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Lord Robert Winston
"This is a very complex issue"
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Public Health Minister Yvette Cooper
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Monday, 15 May, 2000, 10:02 GMT 11:02 UK
Cancer cases missed by doctors
Cancer care is under the microscope
More cases of patients whose cancer was missed by doctors have emerged.

Public Health Minister Yvette Cooper has responded by promising to raise standards of cancer care in the NHS.

The new cases have come to light following the publicity given to Barnsley businessman Steve Harley, whose oral cancer has become inoperable after it was repeatedly missed by a succession of doctors over an eight-month period.

The BBC Today programme highlighted the case of Max Carter, whose cancer of the spine was misdiagnosed several times by different doctors.

Because of the late diagnosis, I am now incurable

Cancer patient Max Carter

He said: "Because of the late diagnosis, I am now incurable.

"I have had four recurrences, numerous operations, including reconstructive surgery and more radiotherapy than I care to think about.

"Now if things had been sorted out - as they should have been done - much earlier, there is a strong likelihood I would not be in the situation I am in today."

Cancer death

The Daily Mail highlighted the case of James McFarland, who died from lung cancer in January.

Mr McFarland's wife Pearl said her husband was given the all-clear by doctors 20 times before he was diagnosed - by which time it had spread from his lungs into his spine, liver, hip and legs.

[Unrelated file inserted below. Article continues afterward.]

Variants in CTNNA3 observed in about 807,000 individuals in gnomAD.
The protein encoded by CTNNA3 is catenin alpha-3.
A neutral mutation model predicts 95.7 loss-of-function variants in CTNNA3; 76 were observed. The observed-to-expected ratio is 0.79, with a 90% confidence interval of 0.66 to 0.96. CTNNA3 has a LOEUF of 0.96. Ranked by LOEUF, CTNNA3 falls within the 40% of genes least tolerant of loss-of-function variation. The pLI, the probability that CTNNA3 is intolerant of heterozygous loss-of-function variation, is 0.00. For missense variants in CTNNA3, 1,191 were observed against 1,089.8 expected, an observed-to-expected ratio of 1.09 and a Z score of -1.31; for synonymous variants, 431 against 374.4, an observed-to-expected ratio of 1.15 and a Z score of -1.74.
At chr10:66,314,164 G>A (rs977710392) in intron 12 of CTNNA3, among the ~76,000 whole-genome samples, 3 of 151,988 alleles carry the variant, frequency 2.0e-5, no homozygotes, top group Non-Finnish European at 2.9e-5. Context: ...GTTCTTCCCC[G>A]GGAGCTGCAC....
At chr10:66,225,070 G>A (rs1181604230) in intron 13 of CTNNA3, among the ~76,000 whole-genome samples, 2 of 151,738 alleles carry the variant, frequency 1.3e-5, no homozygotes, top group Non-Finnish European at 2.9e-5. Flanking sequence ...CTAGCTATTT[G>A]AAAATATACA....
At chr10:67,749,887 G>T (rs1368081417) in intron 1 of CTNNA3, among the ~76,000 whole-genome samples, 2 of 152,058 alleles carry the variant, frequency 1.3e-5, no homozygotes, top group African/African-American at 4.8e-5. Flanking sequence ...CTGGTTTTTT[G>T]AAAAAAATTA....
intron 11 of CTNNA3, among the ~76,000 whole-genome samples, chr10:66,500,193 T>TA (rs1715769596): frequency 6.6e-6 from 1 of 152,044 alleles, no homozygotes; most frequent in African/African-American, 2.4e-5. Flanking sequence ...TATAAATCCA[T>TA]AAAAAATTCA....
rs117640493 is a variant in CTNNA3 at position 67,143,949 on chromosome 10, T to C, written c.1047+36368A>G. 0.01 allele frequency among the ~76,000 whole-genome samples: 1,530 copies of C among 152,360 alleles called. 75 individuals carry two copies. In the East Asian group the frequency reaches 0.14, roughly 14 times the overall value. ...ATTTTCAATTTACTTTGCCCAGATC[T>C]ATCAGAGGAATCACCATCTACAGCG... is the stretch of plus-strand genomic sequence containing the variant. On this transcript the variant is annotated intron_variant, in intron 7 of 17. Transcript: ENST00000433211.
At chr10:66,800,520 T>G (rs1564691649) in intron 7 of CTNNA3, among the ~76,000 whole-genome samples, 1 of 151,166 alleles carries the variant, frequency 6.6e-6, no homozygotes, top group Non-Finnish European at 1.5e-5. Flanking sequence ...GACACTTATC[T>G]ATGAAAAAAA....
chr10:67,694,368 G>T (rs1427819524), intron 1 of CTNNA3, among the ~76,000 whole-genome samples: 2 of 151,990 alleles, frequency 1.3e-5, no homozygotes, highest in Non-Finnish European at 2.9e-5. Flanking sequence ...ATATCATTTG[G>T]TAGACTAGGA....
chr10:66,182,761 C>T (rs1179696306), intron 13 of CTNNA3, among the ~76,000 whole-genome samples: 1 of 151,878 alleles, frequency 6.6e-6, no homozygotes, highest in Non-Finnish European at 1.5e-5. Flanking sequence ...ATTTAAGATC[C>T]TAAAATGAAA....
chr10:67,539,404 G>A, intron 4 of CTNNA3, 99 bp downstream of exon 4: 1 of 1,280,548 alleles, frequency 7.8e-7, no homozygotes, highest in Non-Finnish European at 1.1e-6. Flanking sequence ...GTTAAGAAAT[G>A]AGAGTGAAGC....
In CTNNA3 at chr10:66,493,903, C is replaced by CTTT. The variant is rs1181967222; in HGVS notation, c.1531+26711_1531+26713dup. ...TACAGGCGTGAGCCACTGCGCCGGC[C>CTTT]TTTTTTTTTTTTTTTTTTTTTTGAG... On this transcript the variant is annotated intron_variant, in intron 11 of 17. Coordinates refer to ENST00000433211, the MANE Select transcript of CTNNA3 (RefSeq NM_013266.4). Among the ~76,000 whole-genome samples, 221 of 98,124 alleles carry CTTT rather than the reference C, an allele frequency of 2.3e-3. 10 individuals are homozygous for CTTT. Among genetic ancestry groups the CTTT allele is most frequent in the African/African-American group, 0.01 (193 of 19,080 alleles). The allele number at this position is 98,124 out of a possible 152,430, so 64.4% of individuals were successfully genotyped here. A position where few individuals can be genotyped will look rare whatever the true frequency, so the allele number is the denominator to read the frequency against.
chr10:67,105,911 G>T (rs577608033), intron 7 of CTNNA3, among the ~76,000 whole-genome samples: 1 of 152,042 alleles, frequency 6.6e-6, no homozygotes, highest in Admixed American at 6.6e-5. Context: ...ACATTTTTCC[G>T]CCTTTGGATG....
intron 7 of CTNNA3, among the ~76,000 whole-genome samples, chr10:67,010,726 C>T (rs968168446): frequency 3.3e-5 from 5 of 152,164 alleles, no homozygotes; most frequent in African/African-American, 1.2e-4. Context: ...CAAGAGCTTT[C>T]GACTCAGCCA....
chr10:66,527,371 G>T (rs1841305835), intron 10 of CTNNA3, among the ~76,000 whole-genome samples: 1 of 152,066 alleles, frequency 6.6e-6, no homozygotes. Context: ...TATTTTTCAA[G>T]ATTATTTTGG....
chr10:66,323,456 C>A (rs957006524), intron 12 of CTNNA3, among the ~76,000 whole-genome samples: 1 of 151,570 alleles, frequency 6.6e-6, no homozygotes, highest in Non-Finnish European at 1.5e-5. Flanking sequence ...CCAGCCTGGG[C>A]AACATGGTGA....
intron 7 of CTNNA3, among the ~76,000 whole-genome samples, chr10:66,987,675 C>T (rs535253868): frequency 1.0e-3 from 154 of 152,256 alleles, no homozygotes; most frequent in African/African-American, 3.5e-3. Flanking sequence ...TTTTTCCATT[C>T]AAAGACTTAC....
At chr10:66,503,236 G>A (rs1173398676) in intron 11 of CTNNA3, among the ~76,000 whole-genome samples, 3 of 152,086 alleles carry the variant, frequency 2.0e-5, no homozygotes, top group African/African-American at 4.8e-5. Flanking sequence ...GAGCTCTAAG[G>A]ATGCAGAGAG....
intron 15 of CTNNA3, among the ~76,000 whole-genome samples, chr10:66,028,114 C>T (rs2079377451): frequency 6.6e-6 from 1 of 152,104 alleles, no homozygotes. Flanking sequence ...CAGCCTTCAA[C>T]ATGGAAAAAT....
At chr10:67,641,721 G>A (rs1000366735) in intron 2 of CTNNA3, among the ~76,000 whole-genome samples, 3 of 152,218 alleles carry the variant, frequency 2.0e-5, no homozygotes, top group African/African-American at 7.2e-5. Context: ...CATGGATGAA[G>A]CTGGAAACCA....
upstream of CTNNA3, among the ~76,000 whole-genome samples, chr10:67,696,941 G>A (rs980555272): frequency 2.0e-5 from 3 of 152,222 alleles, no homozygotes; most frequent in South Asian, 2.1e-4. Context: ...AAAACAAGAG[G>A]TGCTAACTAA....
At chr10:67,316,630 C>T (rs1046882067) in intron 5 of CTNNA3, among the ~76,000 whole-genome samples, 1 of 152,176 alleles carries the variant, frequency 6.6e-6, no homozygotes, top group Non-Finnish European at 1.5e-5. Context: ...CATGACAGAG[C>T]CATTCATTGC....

Yvette Cooper
Public health minister Yvette Cooper said standards could be improved
During the numerous times he saw doctors he was regularly given painkillers and was once prescribed Prozac.

Mr McFarland died 11 days after the correct diagnosis was made.

His widow told the Daily Mail: "I watched him dying.

"We were both very frightened but we couldn't get anyone to listen until it was too late."

Derriford Hospital, in Devon, has said it is preparing a "full explanation" for Mrs McFarland.

The Sun features the case of 52-year-old Bill Stewart, who says doctors at Barnsley District General Hospital gave him the all-clear despite four months of tests for a stomach complaint which turned out to be pancreatic cancer.

His condition was only discovered when he went to another hospital for a second opinion.

How can one hospital fail to diagnose a problem and another down the road realise straight away you are terminally ill?

Cancer patient Bill Stewart

The tumour was so large it was inoperable, and Mr Stewart has been given six months to live.

He told The Sun: "I don't know whether to laugh or cry. How can one hospital fail to diagnose a problem and another down the road realise straight away you are terminally ill?"

Complex problem

Fertility expert and Labour peer Lord Robert Winston told the BBC cancer was a complex disease, and warned that it may be difficult for GPs to spot.

He said: "It is a worry that GPs have so much influence on what happens to the patient subsequently.

"A GP may only see one case of bowel cancer every five years, he may only see one case of throat cancer even less often, and he has got to spot that one case out of all the hundreds of people who come to him with pain in the abdomen which might mimic bowel cancer, or pain in the head which might mimic throat cancer."

"It is very easy to under-estimate that task."

Mrs Cooper said it was clear cancer services could be improved in the UK.

She said national referral guidelines had been issued to GPs to help them deal with cancer patients.

She said a national cancer plan was also being drawn up to improve services.

"We have got to make sure that we can get people tested as fast as possible, and diagnosed as quickly as possible."

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